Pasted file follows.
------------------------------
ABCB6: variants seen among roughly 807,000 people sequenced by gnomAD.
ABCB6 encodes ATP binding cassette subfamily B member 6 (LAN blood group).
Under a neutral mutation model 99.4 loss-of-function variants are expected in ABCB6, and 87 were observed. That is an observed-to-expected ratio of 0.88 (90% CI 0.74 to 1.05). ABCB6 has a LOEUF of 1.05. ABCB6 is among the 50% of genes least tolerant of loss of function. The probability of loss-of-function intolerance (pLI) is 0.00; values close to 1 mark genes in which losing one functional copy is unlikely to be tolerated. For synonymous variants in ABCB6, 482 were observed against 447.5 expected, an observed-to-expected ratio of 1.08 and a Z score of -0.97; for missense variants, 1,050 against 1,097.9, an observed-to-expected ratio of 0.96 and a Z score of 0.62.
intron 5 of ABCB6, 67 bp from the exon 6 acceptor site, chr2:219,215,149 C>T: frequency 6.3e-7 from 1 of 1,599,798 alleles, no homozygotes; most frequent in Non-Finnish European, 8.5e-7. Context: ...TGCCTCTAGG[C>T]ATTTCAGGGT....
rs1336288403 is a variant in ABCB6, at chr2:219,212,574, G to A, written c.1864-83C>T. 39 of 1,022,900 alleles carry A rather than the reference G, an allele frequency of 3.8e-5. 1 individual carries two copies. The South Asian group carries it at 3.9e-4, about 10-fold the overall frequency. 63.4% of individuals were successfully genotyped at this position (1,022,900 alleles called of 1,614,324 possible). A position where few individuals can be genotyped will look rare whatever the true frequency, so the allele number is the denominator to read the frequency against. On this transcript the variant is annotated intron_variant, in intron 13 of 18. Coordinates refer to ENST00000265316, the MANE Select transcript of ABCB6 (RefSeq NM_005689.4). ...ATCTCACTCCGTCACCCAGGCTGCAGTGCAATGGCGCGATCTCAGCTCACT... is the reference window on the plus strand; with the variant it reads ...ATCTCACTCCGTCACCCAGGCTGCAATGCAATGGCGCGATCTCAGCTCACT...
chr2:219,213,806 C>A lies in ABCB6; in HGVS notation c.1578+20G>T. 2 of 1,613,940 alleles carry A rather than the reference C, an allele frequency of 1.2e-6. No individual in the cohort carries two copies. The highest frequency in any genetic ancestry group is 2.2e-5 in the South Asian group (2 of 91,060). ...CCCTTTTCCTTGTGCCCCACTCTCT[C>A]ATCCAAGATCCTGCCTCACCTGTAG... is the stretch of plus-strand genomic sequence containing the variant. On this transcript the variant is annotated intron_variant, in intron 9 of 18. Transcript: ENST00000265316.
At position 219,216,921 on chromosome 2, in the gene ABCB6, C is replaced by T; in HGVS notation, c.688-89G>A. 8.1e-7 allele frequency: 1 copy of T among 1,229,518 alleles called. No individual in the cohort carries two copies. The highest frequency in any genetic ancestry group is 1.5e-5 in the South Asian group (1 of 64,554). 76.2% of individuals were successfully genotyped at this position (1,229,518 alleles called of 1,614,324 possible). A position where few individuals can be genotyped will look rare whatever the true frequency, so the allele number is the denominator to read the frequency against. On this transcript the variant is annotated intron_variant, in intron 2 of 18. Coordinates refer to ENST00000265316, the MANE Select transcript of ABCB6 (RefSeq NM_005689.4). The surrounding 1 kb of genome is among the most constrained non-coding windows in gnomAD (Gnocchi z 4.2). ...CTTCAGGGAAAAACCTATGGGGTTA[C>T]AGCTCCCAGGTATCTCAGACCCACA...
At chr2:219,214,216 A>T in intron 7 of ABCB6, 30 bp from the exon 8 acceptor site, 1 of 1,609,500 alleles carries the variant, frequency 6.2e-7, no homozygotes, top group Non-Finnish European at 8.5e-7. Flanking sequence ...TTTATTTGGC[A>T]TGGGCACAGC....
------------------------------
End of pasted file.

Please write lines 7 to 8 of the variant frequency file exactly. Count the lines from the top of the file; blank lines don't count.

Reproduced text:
At position 219,216,921 on chromosome 2, in the gene ABCB6, C is replaced by T; in HGVS notation, c.688-89G>A. 8.1e-7 allele frequency: 1 copy of T among 1,229,518 alleles called. No individual in the cohort carries two copies. The highest frequency in any genetic ancestry group is 1.5e-5 in the South Asian group (1 of 64,554). 76.2% of individuals were successfully genotyped at this position (1,229,518 alleles called of 1,614,324 possible). A position where few individuals can be genotyped will look rare whatever the true frequency, so the allele number is the denominator to read the frequency against. On this transcript the variant is annotated intron_variant, in intron 2 of 18. Coordinates refer to ENST00000265316, the MANE Select transcript of ABCB6 (RefSeq NM_005689.4). The surrounding 1 kb of genome is among the most constrained non-coding windows in gnomAD (Gnocchi z 4.2). ...CTTCAGGGAAAAACCTATGGGGTTA[C>T]AGCTCCCAGGTATCTCAGACCCACA...
At chr2:219,214,216 A>T in intron 7 of ABCB6, 30 bp from the exon 8 acceptor site, 1 of 1,609,500 alleles carries the variant, frequency 6.2e-7, no homozygotes, top group Non-Finnish European at 8.5e-7. Flanking sequence ...TTTATTTGGC[A>T]TGGGCACAGC....